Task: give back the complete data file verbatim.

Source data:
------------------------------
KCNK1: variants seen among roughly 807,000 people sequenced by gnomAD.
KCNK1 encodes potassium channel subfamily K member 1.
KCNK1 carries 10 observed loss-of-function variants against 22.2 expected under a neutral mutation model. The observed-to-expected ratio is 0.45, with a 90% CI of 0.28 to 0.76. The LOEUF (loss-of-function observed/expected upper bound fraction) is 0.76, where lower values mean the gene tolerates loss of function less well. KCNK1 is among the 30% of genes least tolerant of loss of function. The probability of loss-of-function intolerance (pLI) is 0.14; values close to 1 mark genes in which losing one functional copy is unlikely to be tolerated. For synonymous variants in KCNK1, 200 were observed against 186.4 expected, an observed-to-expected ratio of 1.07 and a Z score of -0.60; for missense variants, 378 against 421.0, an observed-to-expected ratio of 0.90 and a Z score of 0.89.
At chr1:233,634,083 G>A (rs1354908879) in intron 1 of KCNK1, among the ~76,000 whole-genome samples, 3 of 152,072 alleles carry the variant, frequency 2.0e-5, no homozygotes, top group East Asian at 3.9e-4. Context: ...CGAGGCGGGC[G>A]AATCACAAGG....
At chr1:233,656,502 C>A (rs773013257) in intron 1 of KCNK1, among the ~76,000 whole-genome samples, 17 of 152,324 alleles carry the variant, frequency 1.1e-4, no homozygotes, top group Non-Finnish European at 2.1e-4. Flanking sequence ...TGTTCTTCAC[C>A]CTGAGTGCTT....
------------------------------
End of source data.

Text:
KCNK1: variants seen among roughly 807,000 people sequenced by gnomAD.
KCNK1 encodes potassium channel subfamily K member 1.
KCNK1 carries 10 observed loss-of-function variants against 22.2 expected under a neutral mutation model. The observed-to-expected ratio is 0.45, with a 90% CI of 0.28 to 0.76. The LOEUF (loss-of-function observed/expected upper bound fraction) is 0.76, where lower values mean the gene tolerates loss of function less well. KCNK1 is among the 30% of genes least tolerant of loss of function. The probability of loss-of-function intolerance (pLI) is 0.14; values close to 1 mark genes in which losing one functional copy is unlikely to be tolerated. For synonymous variants in KCNK1, 200 were observed against 186.4 expected, an observed-to-expected ratio of 1.07 and a Z score of -0.60; for missense variants, 378 against 421.0, an observed-to-expected ratio of 0.90 and a Z score of 0.89.
At chr1:233,634,083 G>A (rs1354908879) in intron 1 of KCNK1, among the ~76,000 whole-genome samples, 3 of 152,072 alleles carry the variant, frequency 2.0e-5, no homozygotes, top group East Asian at 3.9e-4. Context: ...CGAGGCGGGC[G>A]AATCACAAGG....
At chr1:233,656,502 C>A (rs773013257) in intron 1 of KCNK1, among the ~76,000 whole-genome samples, 17 of 152,324 alleles carry the variant, frequency 1.1e-4, no homozygotes, top group Non-Finnish European at 2.1e-4. Flanking sequence ...TGTTCTTCAC[C>A]CTGAGTGCTT....